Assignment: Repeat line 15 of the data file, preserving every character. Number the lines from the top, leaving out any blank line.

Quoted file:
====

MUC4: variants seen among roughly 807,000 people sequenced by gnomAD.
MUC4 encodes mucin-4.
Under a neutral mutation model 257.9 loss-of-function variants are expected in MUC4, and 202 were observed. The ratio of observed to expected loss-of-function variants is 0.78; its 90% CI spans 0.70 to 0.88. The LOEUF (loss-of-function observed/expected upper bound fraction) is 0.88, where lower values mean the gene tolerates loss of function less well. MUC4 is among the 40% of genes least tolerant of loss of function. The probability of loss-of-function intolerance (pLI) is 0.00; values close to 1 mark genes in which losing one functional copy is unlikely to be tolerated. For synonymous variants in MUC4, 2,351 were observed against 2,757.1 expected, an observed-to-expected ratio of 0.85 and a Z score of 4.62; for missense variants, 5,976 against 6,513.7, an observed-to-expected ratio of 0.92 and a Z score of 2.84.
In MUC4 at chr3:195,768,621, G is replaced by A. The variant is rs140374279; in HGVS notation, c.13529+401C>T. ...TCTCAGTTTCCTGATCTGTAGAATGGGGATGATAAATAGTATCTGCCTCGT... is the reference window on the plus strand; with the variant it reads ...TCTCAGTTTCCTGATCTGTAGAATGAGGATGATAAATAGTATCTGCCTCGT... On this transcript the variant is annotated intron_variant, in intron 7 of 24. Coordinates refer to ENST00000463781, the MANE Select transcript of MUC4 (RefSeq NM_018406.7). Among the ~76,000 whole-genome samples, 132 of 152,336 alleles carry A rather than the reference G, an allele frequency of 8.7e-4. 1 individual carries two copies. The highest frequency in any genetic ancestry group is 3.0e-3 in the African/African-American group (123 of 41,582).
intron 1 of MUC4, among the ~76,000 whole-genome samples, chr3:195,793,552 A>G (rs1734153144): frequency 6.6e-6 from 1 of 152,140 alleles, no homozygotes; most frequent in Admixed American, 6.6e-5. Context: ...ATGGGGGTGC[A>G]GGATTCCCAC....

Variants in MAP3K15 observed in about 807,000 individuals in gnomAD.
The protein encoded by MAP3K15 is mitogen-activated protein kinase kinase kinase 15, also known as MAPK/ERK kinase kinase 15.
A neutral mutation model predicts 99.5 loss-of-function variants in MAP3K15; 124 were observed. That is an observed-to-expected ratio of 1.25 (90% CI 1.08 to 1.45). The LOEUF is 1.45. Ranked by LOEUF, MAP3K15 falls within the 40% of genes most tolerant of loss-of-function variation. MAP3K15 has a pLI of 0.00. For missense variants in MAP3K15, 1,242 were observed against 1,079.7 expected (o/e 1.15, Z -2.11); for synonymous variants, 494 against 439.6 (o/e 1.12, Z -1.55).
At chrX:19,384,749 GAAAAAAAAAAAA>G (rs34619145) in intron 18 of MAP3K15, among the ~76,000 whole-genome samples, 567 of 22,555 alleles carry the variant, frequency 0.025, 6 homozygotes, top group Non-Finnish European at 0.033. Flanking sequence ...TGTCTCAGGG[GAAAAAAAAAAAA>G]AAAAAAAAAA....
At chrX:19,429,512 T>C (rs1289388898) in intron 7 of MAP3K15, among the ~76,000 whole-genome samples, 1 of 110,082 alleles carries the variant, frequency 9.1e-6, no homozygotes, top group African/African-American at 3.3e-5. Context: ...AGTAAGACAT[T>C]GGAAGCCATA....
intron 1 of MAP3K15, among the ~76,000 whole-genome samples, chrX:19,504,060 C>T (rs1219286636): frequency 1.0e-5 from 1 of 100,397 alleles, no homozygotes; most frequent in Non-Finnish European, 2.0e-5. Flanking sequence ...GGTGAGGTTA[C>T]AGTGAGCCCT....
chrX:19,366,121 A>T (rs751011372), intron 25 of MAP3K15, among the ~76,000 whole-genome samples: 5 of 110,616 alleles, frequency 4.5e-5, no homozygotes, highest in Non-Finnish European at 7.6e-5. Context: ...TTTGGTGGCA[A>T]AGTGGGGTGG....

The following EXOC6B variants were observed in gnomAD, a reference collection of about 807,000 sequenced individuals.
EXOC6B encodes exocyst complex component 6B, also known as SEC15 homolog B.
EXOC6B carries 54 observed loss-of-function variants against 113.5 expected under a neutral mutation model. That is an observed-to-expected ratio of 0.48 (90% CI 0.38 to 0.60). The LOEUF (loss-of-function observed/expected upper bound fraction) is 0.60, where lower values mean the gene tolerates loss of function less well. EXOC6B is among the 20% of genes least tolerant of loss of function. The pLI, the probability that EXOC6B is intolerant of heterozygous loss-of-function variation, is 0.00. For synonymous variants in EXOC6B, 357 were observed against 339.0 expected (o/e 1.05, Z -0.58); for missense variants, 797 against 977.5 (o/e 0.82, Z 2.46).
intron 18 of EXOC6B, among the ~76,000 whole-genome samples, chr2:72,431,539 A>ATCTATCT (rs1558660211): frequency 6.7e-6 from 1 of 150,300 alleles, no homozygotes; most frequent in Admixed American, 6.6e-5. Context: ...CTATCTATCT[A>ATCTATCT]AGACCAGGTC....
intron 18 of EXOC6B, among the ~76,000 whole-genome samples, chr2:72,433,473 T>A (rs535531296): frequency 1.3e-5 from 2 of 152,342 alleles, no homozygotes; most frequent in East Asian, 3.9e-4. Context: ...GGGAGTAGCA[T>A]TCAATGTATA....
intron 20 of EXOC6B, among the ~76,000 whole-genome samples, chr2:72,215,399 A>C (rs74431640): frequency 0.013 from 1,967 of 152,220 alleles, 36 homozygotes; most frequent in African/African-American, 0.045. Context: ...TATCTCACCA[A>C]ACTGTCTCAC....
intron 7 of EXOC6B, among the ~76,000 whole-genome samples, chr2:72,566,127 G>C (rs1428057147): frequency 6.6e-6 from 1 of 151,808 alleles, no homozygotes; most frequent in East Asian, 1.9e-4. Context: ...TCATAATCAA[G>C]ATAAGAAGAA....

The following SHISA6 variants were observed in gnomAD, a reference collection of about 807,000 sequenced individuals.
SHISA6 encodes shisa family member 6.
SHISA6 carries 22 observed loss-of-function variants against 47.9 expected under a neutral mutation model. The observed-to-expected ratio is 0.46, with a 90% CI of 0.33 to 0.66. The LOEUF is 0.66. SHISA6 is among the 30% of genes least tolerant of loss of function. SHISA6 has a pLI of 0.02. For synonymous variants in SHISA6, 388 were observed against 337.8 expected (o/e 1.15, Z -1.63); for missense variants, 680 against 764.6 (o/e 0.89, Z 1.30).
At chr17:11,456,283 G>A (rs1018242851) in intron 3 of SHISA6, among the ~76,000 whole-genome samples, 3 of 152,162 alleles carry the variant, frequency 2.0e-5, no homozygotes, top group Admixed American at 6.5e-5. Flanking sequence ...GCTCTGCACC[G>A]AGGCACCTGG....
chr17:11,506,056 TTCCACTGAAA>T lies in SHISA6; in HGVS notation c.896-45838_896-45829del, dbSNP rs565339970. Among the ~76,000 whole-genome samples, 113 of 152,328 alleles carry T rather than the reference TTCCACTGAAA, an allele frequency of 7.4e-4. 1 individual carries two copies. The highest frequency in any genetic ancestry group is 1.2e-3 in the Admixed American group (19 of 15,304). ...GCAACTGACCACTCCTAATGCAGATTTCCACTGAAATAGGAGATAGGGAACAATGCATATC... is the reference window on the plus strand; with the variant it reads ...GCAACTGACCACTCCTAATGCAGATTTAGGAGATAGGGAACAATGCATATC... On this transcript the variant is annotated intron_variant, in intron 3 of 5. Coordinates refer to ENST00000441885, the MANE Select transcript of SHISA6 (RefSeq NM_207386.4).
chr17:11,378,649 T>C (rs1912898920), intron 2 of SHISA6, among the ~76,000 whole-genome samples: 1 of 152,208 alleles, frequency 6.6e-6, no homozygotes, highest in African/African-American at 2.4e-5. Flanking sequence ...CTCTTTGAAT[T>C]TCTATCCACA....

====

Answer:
EXOC6B carries 54 observed loss-of-function variants against 113.5 expected under a neutral mutation model. That is an observed-to-expected ratio of 0.48 (90% CI 0.38 to 0.60). The LOEUF (loss-of-function observed/expected upper bound fraction) is 0.60, where lower values mean the gene tolerates loss of function less well. EXOC6B is among the 20% of genes least tolerant of loss of function. The pLI, the probability that EXOC6B is intolerant of heterozygous loss-of-function variation, is 0.00. For synonymous variants in EXOC6B, 357 were observed against 339.0 expected (o/e 1.05, Z -0.58); for missense variants, 797 against 977.5 (o/e 0.82, Z 2.46).